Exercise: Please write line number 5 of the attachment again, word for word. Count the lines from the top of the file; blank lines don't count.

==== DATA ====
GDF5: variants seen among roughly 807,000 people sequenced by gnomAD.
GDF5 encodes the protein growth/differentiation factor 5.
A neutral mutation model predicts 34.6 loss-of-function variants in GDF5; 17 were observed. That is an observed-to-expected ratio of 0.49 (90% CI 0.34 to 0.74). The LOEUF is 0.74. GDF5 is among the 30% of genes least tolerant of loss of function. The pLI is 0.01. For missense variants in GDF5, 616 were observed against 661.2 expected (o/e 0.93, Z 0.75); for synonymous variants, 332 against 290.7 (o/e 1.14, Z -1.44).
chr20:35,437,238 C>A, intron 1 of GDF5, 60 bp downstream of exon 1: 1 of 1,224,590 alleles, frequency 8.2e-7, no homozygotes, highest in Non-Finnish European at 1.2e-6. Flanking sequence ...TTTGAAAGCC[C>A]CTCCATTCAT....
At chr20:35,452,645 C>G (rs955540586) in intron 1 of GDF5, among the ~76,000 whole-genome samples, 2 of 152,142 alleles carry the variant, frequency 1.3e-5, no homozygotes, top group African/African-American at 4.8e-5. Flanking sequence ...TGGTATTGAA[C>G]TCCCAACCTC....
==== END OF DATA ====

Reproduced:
At chr20:35,452,645 C>G (rs955540586) in intron 1 of GDF5, among the ~76,000 whole-genome samples, 2 of 152,142 alleles carry the variant, frequency 1.3e-5, no homozygotes, top group African/African-American at 4.8e-5. Flanking sequence ...TGGTATTGAA[C>G]TCCCAACCTC....